Interview with a globetrotter #4

Well globetrotting buddies, this week you are privileged to be hearing from one of the main inspirations leading to your current day GTG, so get yourself a cup ofsingle origin tea or something just as classy as we catapult Marnee Wong straight to globetrotting pedigree 🙂

Dad and Marn

Name: Marnee Wong

Age: 49

Home area: Nimbin NSW, Australia (upbringing courtesy of Ontario Canada)

GTG: Describe your ultimate trip.

MW: I would love to tour Mongolia, particularly getting time on their amazing ponies.

GTG: Do you have any airport security horror stories?

MW: I was in the UK for 9/11 with a flight the first day (Sept 14th) of flights after the attacks. The chaos of that day I hope to never repeat in my travels.

GTG: What discovery from your travels so far has surprised you the most?

MW: How resilient humans are. No matter how hard the climate, the political situation or the problem, people make the best they can for their families and themselves.

GTG: What is the best food you’ve had on your travels?

MW: For me, food is tops in travel importance. But picking one, it has to be yum cha (dim sum.) It’s the Chinese answer to big chain restaurants…anywhere you go in the world where the Chinese have been you can get lunch with many of the same dishes wherever you go.

GTG: Where’s the place you’ve been that you least expected to see yourself?

MW: Would have to be Papua New Guinea. It is one of the least touched, most fascinating places I’ve ever  been. Like being in the deepest darkest reaches of the earth just 3 hours from home. A must visit for the adventurous traveler and nature lover. The birds of paradise were a highlight of my travel life.

GTG: What happens in an average day away from home for you?

MW:  Average day – I like to just go with the flow and see where I end up…usually in a restaurant with the locals.

GTG: What would be the title of your travel memoirs?

MW: Travel with Taste (a cookbook/travel account)

GTG: What language other than English would you consider the most useful on the road?

MW: I don’t speak it but Spanish

GTG: Do you have any lucky charms you take with you?

MW: I have a purple velvet mouse, given to me by my uncle which he bought for me in Israel, named Oglethorpe. Where I go, Thorpe goes.

GTG: How do you respond to beggars?

MW: We all recognize that there are desperate people everywhere. For me, it’s about wanting something back, whether it’s a smile or a tune.

GTG: Where do you recommend as the best place to go on a low budget?

MW: To visit friends! I traveled for 3 months around the world and paid for just 5 nights accommodation…but I spent a lot of time organizing beforehand.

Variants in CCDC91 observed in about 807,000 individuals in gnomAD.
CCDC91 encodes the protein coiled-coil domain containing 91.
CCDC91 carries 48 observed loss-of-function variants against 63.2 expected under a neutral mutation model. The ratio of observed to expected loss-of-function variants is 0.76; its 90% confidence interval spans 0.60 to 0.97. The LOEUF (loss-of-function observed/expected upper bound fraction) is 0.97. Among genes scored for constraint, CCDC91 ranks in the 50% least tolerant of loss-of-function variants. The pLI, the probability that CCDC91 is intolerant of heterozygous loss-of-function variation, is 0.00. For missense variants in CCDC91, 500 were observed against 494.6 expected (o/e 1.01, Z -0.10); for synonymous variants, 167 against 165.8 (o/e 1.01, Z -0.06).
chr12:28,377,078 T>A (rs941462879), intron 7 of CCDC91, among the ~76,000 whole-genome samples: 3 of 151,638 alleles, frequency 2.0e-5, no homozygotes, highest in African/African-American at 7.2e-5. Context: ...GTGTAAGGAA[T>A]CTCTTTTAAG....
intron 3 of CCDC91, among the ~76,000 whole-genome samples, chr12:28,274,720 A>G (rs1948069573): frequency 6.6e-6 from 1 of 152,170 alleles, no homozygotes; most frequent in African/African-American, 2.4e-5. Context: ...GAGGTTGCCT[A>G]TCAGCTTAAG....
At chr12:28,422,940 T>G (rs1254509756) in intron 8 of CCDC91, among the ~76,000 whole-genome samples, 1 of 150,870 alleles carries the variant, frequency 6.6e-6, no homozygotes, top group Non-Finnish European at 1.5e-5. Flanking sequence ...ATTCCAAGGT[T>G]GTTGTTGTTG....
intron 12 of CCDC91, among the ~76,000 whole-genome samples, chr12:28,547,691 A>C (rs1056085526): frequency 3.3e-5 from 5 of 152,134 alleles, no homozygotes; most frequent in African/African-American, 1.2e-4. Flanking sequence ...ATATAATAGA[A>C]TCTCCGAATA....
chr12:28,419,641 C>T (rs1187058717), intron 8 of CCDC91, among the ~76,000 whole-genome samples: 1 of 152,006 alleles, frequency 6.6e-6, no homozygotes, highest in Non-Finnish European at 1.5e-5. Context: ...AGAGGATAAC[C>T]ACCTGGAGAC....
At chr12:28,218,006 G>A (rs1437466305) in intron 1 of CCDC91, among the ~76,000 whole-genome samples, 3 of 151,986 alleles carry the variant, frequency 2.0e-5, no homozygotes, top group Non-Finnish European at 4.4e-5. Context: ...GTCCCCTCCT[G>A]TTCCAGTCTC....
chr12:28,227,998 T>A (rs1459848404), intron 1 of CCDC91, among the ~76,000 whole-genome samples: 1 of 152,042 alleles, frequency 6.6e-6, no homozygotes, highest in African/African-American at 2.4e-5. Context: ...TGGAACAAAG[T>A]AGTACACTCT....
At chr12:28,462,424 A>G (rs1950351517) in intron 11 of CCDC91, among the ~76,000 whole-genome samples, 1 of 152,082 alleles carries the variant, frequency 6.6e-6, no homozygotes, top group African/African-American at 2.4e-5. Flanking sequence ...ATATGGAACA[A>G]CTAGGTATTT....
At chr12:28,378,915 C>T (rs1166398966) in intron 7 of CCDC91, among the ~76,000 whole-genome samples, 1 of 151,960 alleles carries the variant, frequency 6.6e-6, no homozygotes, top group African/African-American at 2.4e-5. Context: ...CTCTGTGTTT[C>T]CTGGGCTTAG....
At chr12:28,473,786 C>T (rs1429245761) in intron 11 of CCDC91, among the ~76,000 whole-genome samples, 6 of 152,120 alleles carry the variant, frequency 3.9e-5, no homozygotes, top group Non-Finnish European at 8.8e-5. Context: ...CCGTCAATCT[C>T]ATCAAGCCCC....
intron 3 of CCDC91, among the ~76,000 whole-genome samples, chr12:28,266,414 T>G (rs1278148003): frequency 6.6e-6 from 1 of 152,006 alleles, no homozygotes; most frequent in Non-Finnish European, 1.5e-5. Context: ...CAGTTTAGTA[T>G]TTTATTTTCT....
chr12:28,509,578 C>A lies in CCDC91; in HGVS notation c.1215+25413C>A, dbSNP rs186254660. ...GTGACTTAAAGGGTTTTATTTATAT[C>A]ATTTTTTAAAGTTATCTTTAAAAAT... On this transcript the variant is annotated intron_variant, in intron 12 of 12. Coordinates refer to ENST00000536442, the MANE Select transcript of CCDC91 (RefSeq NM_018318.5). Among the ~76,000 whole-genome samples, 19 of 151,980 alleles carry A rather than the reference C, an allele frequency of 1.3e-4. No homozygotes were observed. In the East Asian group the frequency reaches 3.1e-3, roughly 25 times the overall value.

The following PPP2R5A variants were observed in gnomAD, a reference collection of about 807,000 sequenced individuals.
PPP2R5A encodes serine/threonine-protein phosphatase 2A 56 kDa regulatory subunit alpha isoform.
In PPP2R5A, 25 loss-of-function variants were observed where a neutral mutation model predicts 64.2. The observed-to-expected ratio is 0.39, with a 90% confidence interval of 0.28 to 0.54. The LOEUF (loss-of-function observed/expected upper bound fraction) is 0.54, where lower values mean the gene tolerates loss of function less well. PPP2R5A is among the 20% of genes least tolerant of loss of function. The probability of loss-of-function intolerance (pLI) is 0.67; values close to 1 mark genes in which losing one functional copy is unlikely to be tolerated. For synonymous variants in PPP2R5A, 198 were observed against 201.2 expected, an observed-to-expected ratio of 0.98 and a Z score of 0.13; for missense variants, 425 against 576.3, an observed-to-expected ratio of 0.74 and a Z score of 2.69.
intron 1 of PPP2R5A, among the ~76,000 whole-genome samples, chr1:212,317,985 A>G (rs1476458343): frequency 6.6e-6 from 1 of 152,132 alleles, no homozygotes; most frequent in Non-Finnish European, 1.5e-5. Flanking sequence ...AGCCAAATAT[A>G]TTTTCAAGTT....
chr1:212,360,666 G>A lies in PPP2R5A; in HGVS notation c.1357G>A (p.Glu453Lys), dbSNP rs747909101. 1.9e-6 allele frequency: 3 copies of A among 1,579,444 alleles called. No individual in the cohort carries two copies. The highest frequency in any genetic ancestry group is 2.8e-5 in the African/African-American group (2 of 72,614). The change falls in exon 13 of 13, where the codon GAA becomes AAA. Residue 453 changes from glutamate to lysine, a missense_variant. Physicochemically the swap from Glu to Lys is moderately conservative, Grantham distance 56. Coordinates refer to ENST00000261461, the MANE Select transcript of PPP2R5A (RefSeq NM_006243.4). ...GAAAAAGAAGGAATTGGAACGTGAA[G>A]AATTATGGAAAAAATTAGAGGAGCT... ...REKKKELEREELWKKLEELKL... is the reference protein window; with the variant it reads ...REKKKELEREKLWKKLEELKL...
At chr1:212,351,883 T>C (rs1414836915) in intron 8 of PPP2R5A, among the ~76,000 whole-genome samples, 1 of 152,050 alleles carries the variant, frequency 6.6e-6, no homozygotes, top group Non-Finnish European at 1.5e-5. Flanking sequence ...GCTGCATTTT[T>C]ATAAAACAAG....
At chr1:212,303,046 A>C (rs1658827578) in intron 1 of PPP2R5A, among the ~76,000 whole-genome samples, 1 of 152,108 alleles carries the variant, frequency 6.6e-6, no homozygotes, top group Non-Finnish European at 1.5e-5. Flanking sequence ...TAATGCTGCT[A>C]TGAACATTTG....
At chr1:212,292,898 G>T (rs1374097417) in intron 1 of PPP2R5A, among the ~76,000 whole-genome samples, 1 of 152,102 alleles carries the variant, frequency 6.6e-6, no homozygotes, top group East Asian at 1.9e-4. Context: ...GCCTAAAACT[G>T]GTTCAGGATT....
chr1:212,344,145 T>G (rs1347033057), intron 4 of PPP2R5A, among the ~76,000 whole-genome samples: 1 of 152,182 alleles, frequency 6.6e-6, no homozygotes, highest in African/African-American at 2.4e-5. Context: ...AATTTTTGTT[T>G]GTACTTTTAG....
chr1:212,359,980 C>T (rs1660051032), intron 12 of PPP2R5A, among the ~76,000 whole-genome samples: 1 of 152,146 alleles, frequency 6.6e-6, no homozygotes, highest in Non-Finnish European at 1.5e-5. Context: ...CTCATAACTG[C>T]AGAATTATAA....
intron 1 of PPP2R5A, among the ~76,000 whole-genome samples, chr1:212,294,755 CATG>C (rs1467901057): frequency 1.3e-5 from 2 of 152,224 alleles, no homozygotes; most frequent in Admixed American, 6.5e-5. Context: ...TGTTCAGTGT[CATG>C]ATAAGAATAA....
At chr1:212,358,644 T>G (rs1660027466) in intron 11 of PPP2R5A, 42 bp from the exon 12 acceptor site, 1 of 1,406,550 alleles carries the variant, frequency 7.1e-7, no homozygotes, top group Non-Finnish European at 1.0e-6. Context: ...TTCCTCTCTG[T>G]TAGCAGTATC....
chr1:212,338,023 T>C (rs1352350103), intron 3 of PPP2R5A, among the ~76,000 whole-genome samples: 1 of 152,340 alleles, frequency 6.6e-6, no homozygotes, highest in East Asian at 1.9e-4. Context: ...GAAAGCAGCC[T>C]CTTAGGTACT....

GTG: Where would be best to go with no budget constraints?

MW: No Budget Constraints – Bhutan. It’s $200 a day just to be there but is an untouched treasure.

GTG: What are the first things you would throw out in a baggage weight limit crisis?

MW: I’m very careful about how much I carry so this isn’t a problem. But I guess it would have to be books…I always have too many.

GTG: How many long term friends have you made on your travels?

MW: So many it’s hard to count!! Where I now live I came to while traveling, met my partner while traveling and keep traveling to see them all as much as possible.

GTG: What do you notice is the main difference between people who travel and people who don’t?

MW: The big difference to me is that many who don’t travel think that travel is not a choice but a piece of luck (‘You’re so lucky to have been to – .) Travel is always hard work, whether it’s getting the cash or sorting visas, but the choice is worth the trouble.

GTG: Where is the top of your list to visit?

MW: Mongolia

GTG: Where do you think is most important to see with a local person?

MW: The restaurants, of course! Locals always know the best spots to get the local flavours.

GTG: On that note, what are your tips for meeting local people?

MW: I like markets, particularly food markets (of course!) Everyone has to eat and at markets there are people of all walks and all ages.

GTG: What’s the worst thing you’ve seen someone do overseas?

MW: Hmmm there are so many. It is a toss up so you decide. First: I heard an ugly American say to his daughter, ‘Why would I carry my bag (the 300m or so) when I can pay a dollar and have him (thumb shoved at nicely ignored Cambodian) do it?’ Second: In Papua New Guinea the lovely folks I stayed with on the East Sepik had a tiny, new set up. Very basic, but clean and friendly. A Swiss woman, upset with the cost charged by her tour group and having been turfed from her original hotel, kept complaining that it wasn’t 5 star. I thought she should have googled the place…we were 4 hours by 4wheel drive and 2 hours by boat from the nearest town. What did she expect?

GTG: What’s the difference between a backpack and a suitcase trip for you?

MW: Adventure. The suitcase is for when you’re getting a cab to the hotel. The backpack is for when you’re taking the 2 hour boat trip to the walking track to the cabin.

GTG: Finally, what keeps you ready to head off again?

MW: Friends. There are always so many to visit and so many more to meet.

Well the GTG once again thanks all GTG hall of fame entrants and is on the hunt for our next globetrotting celebrity so happy reading and till next week 🙂

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